You, as the player, by playing Omikron, are presumed to have taken possession of the body of someone in this parallel world. (Of course, that's kind of what happens every time you play any game, isn't it?) Anyway, this guy whose body you have usurped is completely unknown to you--so the first thing you could do is figure out who he is, where he lives, and what his job is all about. But you don't have to. You as the player freedom to roam around and explore as much of the world as you like. There is a plot of sorts, but it'd be a shame to give it away--let's just say it involves some soul-stealing and a bad demon named Astaroth.
Pretty strange, huh? But get this. If you get your character killed somehow, you can reincarnate as someone else. Remember, you're really not the character in the game--you're only borrowing his body through the magical power of the software. And the software has the power to let you take over someone else's body, though you don't have any control over who that might be. The first person who comes along and touches the dead body you were inhabiting becomes your new avatar.
Creating such an open-ended game without having it turn into a boring simulation of some guy walking around hopelessly lost--and I've played that game many times before--is an interesting game design challenge, to say the least.
To tackle it, Quantic Dreams has developed something it calls the Intelligent Adventurer Manager, or IAM. The developers explain how it works:
"Rather than trying to predict everything that a player might do (which would be very hard to do, if not impossible, in a 3D universe with no restrictions), we start from a completely different principle…. We can offer problems for the player to solve, and we can also offer the means to solve them. IAM doesn't require us to program a solution to each problem, it only watches out to make sure that every problem does have a solution."
Quantic offers an example. Say a player needs to get into a room. One way might be to find the key, another would be to use some dynamite to blow open the door, or a special item that has teleporting powers. The game doesn't care how you get into the room--it just makes sure that there is a way into the room, one way or another. According to Quantic, this system makes the game non-linear, yet also keeps players from becoming stuck in dead ends.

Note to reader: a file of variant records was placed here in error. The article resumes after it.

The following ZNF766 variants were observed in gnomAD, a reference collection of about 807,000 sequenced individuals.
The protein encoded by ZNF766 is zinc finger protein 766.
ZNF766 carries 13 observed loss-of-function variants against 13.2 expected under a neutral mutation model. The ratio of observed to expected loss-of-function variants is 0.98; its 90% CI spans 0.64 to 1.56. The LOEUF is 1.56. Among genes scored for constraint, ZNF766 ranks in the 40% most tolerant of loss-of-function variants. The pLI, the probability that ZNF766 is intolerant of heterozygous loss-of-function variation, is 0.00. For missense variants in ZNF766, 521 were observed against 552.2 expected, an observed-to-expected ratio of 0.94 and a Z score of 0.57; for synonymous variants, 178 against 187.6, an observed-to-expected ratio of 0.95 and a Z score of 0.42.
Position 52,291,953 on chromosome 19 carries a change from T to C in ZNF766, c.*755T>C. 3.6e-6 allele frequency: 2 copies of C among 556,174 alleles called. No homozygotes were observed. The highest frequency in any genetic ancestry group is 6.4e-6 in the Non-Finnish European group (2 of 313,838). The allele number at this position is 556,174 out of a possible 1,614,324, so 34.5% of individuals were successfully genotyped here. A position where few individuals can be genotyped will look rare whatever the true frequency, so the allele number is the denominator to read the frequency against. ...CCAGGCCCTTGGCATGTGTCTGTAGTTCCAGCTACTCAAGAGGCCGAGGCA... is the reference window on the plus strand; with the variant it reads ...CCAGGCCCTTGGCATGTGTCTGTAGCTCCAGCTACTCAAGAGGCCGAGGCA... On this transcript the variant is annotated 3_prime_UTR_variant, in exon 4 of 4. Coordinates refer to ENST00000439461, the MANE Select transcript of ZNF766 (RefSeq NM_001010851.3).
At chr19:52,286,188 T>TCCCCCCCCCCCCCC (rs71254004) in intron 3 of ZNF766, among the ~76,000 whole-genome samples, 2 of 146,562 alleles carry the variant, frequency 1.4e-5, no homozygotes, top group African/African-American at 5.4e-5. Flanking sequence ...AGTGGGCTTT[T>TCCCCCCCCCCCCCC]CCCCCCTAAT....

While the design of Omikron's adventure portion is unique, its combat system is much more traditional. When a fight breaks out, the game switches to a fighting game look. You have moves you can execute with a gamepad, and a health meter hovers over your head. The moves made by the fighters were taken from motion capture sessions with real martial artists, and from what we've seen they do look pretty good. Motion capture was also used for facial expressions, making the characters in the city among the most realistic yet seen in a game.
When we saw the game recently at an Eidos event, some of the gameplay was in place. The town was full of characters strolling around, and cars and motorcycles zoomed by on the streets. One of the developers showed us the first character you end up possessing, one of the local policemen, and had him drive around the town. Still, there's plenty more work to be done, and Omikron isn't expected to ship until towards the end of next year.
So does Omikron sound intriguing? It certainly does to us, and in a gaming landscape most remarkable for a paucity of invention, Omikron certainly dares to be different. Whether or not the developers can pull it off, though, remains to be seen.
Autor: Jason Bates